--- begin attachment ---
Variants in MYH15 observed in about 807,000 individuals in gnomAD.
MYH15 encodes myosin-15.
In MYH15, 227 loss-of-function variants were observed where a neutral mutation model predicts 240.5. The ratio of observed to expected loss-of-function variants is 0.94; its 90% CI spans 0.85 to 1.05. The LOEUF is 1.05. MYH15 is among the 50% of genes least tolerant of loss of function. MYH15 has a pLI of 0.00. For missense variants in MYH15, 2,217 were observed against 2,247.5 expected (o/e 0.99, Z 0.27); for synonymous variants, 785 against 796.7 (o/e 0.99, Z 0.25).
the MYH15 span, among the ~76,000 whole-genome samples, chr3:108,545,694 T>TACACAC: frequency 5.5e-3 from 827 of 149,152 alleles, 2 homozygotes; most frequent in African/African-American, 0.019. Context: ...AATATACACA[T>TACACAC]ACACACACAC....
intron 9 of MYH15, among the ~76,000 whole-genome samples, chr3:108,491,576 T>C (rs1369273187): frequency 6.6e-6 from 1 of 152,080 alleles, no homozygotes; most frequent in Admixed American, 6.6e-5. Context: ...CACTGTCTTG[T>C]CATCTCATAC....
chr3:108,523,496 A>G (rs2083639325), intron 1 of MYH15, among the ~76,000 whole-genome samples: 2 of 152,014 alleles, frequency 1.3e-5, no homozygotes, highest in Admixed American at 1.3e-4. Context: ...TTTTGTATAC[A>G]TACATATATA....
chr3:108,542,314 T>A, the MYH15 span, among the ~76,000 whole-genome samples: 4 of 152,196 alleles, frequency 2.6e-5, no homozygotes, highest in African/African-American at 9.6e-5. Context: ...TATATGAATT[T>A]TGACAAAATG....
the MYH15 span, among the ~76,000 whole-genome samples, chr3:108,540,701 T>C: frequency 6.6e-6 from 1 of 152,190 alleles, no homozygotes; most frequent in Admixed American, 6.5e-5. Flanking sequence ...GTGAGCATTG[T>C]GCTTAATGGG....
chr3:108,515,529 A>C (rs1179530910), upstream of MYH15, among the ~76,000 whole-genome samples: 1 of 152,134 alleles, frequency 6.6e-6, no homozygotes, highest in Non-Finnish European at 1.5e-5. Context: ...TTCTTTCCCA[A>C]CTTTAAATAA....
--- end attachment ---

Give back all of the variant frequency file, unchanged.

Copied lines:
Variants in MYH15 observed in about 807,000 individuals in gnomAD.
MYH15 encodes myosin-15.
In MYH15, 227 loss-of-function variants were observed where a neutral mutation model predicts 240.5. The ratio of observed to expected loss-of-function variants is 0.94; its 90% CI spans 0.85 to 1.05. The LOEUF is 1.05. MYH15 is among the 50% of genes least tolerant of loss of function. MYH15 has a pLI of 0.00. For missense variants in MYH15, 2,217 were observed against 2,247.5 expected (o/e 0.99, Z 0.27); for synonymous variants, 785 against 796.7 (o/e 0.99, Z 0.25).
the MYH15 span, among the ~76,000 whole-genome samples, chr3:108,545,694 T>TACACAC: frequency 5.5e-3 from 827 of 149,152 alleles, 2 homozygotes; most frequent in African/African-American, 0.019. Context: ...AATATACACA[T>TACACAC]ACACACACAC....
intron 9 of MYH15, among the ~76,000 whole-genome samples, chr3:108,491,576 T>C (rs1369273187): frequency 6.6e-6 from 1 of 152,080 alleles, no homozygotes; most frequent in Admixed American, 6.6e-5. Context: ...CACTGTCTTG[T>C]CATCTCATAC....
chr3:108,523,496 A>G (rs2083639325), intron 1 of MYH15, among the ~76,000 whole-genome samples: 2 of 152,014 alleles, frequency 1.3e-5, no homozygotes, highest in Admixed American at 1.3e-4. Context: ...TTTTGTATAC[A>G]TACATATATA....
chr3:108,542,314 T>A, the MYH15 span, among the ~76,000 whole-genome samples: 4 of 152,196 alleles, frequency 2.6e-5, no homozygotes, highest in African/African-American at 9.6e-5. Context: ...TATATGAATT[T>A]TGACAAAATG....
the MYH15 span, among the ~76,000 whole-genome samples, chr3:108,540,701 T>C: frequency 6.6e-6 from 1 of 152,190 alleles, no homozygotes; most frequent in Admixed American, 6.5e-5. Flanking sequence ...GTGAGCATTG[T>C]GCTTAATGGG....
chr3:108,515,529 A>C (rs1179530910), upstream of MYH15, among the ~76,000 whole-genome samples: 1 of 152,134 alleles, frequency 6.6e-6, no homozygotes, highest in Non-Finnish European at 1.5e-5. Context: ...TTCTTTCCCA[A>C]CTTTAAATAA....